Tug on the Ribbon
Long story short, this was was inspired by a tweet that the Great Dismal himself retweeted. I replied, and that became the first line of the story. Hopefully he gets a chance to read this one. Was submitted to an anthology and as with most of the work I do for anthologies, it’s written specifically for them. If it doesn’t run there, I just run it here. So, free fiction, everybody. Updated with art sometime late Thursday.
Note – Apparently Mr. Gibson read and enjoyed the story “very much.” Which left me speechless.
Additional additional note. You can buy the whole story for your Kindle right here. With three additional shorts. Three bucks.
TUG ON THE RIBBON
by Matthew Maxwell
My spirit animal is a cassette tape. I’ve always known this as sure as I’ve known that the desert will kill a man without water and that the Chariot comes around every year no matter how many mothers cry as it comes up out of the flats. I knew before we moved out to the village. I remembered hiding out in the closet of my dad’s house, back where it smelled like leather shoes and was cool and dark even when I knew that heat was falling out of the sky so hard you’d forget what rain felt like or if it had ever fallen.
The roof creaked and shirked in the summer sun, but I was safe and in the near-dark, among draped shirts and shoes that were too small or too scuffed for him to wear anymore. There was a day that they’d been bright and shiny and gleamed like they were wet all the time.
That’s where I found the box of cassettes. I always thought the word sounded like caskets, which nobody but me found funny. The side of the box had the word “Florsheim” printed on it, which seemed like a funny way to say that it was full of cassette tapes. They all lay there just as tight as me and my three brothers jammed into that double bed, well at least until Virgilio went off to the City several years ago. Kasper went just two years ago. I was upset and I wasn’t. I missed my brothers, but the bed was a lot bigger.
But I’d learned never to mention the upside to my mother.
They asked the Old Man, Xipíl what to do with him and Xipíl said that Ruby was restless and that maybe he needed to be set on his vision track just a little bit early. Sometimes that happened. Sometimes children were allowed to become great big children and never allowed to become grownups, to find the path that they were supposed to follow. Not me, though, like I said, I knew it from many an afternoon in daddy’s closet and even after we moved here. It was kind of a secret place, not so secret that I couldn’t be rustling around in there, not like the drawer on his dresser. That one didn’t make the move out here with us. Day we did, I just remember him opening it and staring into it like he was going to cry but never did.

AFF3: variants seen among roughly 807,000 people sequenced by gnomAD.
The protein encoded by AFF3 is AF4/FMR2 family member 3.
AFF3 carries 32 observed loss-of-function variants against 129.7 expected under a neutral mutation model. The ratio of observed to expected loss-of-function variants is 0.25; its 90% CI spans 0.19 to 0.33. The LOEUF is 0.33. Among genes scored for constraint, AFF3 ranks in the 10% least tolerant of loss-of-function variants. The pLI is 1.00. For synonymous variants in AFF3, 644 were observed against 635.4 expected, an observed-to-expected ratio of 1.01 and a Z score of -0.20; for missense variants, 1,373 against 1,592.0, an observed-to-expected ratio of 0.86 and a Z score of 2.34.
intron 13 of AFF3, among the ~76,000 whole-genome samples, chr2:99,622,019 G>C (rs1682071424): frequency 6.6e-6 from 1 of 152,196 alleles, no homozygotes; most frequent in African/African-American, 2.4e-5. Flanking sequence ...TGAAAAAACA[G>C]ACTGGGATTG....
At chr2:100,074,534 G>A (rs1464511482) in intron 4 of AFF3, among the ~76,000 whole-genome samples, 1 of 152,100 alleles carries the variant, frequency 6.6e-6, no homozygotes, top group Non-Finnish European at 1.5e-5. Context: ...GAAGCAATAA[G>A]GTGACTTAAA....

I asked him if we could take the Florsheim box when we moved and he nodded without saying anything, eyes on the drawer. I didn’t ask for much else, and nobody seemed to want to carry anything that didn’t fit in the family’s scrubby little Hyundai. Whatever he left behind, he never talked about again. Virgilio had rummaged in there once and came out with a pocket knife that he used to carve the words I WON’T GO into the tamarind tree that grew in our yard. That was the day we moved into the village.
But he did go anyways.
I still have that pocket knife.
Our new house was a lot closer to the stripyard, which gave me plenty of chances to add to my cassette collection, soon as I was old enough to sneak out. Then I was old enough to be sent there. I never asked why I didn’t go to school but I remember Virgilio going, every day. But that was in the old neighborhood, the old house.
At the striypard, I turned scrap like a bunch of other kids my age. But I was fast and didn’t screw around and could pull quota before midday, then disappear off to the shoals of books and discs and musical junk. That was where my real hunting took place. Wasn’t long before I needed a lot of Florsheim boxes, though none of them ever had that word printed on it.
I had a whole spirit zoo, not just one animal that ruled my life forever and ever amen, like they say. If I didn’t want to hear what was playing, I could just stop it. Or I could skip over the song or put something completely new in. My fingers had to press hard on the big plastic buttons. But never the red one.
Learned that lesson pretty quickly when I erased three precious minutes of my favorite song; I didn’t even know its name. I realized something was wrong and rewound the tape to the beginning, pressed PLAY so hard that my fingertips hurt and listened back. Instead of music, there was only the whine and squeak of tape rubbing against capstans and the silver eraser head. And the faint sounds of my breathing, nervous, curious, frightened. I’d made that song totally disappear, but for thirty seconds of the guitar trailing away slowly like the Chariot leaving and weaving down the road.
The rest of the night I spent crying. Not even mama’s cooking could fix that. All the soup in the world wasn’t going to drown that sorrow. So I made real careful not to press the red one again unless I knew what I wanted to do.
Read the rest on your Kindle right here. Potentially other formats to follow, but Amazon was the easiest to deal with right off the bat.
5 comments to Tug on the Ribbon